The ICO exists to empower you through information.

Latest updates - 23 May 2024

23 May 2024 - We have rewritten the guidance to explain when the clock stops and when the clock is paused.

What actions should I take after making a request?

Keep a record of your request

We recommend:

  • keeping a copy of any emails or letters;
  • keeping any proof of postage or delivery, eg a postal reference number; or
  • taking a screenshot before sending your request (if you used an online form or portal). 

If you don’t have this information (eg if you made the request over the phone or in person), write down the information about what you asked for and when. It’s helpful if you include (where applicable):

  • the date and time you asked for the information;
  • where you were, eg a branch of a bank;
  • the number you called or a link to the online form you used;
  • the number you called from, eg your mobile, home number or work number;
  • the name of the staff member you spoke to;
  • the information you asked for;
  • any reference numbers given to you by the organisation; and
  • any other relevant information.

Provide proof identification (if asked)

ID checks are sometimes needed to check you are the person asking for the information and to protect your personal information. When asked for ID, you should provide it.

When is the organisation likely to ask you for ID?

We would expect an organisation to ask you  for ID if you’ve asked for sensitive information, such as health or finance information. They might ask for ID if they don’t recognise your details. For example, if you send a SAR from an email address that doesn’t match the one in their records or you use an online service that doesn’t require you to login.

When shouldn’t the organisation ask you for ID?

We wouldn’t expect the organisation to ask you for ID when they are confident about your identity when you make your request. For example, if you make a request to your employer from your work email, or you have a live chat where you have to confirm your email and order number.

If you make a request for another person, the organisation will probably need proof that you have the person’s permission. If they ask you for this proof you must provide it.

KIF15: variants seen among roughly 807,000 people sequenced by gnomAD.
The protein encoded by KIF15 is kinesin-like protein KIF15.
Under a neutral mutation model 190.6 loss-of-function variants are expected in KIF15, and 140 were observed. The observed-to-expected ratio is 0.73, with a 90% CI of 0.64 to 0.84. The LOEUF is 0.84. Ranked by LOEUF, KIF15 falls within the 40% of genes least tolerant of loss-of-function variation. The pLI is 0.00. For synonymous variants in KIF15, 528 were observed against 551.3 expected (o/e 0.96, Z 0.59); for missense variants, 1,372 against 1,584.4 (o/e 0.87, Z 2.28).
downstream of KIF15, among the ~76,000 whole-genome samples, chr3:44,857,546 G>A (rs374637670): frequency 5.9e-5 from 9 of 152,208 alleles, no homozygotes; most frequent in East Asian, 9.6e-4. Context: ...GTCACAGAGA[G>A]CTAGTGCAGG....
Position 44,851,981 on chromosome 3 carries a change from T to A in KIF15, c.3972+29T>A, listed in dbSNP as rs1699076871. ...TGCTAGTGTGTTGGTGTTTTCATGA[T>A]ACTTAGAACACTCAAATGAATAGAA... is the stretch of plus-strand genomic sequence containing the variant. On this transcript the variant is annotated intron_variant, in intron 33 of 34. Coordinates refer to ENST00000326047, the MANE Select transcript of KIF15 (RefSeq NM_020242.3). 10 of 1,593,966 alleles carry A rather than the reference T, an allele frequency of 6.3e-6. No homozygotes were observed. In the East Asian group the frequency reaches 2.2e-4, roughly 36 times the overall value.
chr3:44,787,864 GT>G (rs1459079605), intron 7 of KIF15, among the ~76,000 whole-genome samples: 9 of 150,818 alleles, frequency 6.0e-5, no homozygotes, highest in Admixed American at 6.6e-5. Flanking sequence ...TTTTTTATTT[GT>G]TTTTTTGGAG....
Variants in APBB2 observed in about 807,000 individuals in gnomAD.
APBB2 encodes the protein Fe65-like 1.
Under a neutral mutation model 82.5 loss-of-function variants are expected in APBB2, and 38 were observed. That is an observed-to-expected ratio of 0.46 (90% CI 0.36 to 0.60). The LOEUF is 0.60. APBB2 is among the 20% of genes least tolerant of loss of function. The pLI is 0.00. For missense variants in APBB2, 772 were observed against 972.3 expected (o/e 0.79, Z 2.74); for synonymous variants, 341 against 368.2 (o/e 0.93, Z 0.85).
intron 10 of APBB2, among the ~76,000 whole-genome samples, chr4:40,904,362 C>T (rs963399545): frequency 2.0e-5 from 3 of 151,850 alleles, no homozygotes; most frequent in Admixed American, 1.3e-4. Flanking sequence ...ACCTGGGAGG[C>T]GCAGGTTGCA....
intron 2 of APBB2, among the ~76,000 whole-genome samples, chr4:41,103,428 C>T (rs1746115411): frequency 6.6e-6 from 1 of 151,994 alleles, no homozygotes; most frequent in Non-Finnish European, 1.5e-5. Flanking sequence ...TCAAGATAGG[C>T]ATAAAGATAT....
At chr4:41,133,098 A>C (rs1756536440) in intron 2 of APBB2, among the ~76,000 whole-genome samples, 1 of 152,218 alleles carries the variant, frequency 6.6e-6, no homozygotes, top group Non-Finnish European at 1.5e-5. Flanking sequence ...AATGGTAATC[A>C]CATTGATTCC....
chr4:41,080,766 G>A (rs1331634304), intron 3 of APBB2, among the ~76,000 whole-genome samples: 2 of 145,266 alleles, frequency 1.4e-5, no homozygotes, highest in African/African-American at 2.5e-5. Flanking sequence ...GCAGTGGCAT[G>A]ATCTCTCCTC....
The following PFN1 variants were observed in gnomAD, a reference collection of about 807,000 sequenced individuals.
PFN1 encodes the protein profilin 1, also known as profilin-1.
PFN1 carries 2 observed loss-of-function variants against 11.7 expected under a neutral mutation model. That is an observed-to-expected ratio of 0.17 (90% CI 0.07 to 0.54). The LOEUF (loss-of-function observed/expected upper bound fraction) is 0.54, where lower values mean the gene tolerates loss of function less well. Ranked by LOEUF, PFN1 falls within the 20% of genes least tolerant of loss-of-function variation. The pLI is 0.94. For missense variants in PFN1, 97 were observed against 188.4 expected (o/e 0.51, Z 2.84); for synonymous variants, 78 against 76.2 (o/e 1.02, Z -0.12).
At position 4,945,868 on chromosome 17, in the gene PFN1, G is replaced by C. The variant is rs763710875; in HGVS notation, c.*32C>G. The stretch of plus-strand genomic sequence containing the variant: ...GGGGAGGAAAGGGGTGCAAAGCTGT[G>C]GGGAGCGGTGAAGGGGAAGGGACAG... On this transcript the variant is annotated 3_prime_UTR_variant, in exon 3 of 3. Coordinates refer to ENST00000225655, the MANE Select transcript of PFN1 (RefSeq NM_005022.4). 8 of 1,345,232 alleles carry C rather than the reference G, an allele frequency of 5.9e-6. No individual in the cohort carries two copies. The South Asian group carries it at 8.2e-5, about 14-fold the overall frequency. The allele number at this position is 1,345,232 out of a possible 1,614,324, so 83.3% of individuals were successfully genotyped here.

The one-month time limit for the organisation to reply to your request only starts once they have what they need from you.

Provide more information (if asked)

Organisations might ask you for more information about what it is you’re requesting. Three common reasons for this are:

  1. They have lots of information about you and want to narrow down the search.
  2. They will struggle to respond to the SAR without it, eg they don't understand what you are asking for. 
  3. You have made a similar SAR in the past and the organisation wants to know if you want the same information or new information.

If the organisation contacts you to ask for more information, they can stop dealing with your request until you reply (eg by email, letter or phone). You don’t need to give them the information they ask for, but it may help the organisation find the information you want. However, you must reply to them, even if it is just to say you aren’t giving them what they have asked for. We recommend you work with the organisation to help them understand your SAR where possible, as this will help you get what you need.

How long does the organisation have to reply to me?

Organisations normally have one month to reply to your request. If your request is unclear, an organisation may stop the clock until you explain what information you are looking for.

However, if they ask you for ID, the clock only starts when they have what they need from you.

If you’ve made a number of requests or your request is complex, the organisation may need extra time to consider it. They can take up to an extra two months to respond. If they are going to do this, they must let you know within one month of getting your request, and explain why they are taking longer.

The extra two months don’t apply when you’re asking for information collected or used for law enforcement reasons. This covers most information collected by the police. 

If an organisation chooses to charge a fee, the one-month time limit doesn’t begin until you have paid the fee.

See our detailed guidance on time limits for more details.

How much does a subject access request cost?

Normally, organisations can't charge for responding to your SAR. An organisation can charge a reasonable fee to cover their administrative costs if they think your request is ‘manifestly unfounded or excessive’.

They can also charge a fee if you ask for further copies of your information following a request. Intelligence services can always charge £10 for a SAR, if they choose to.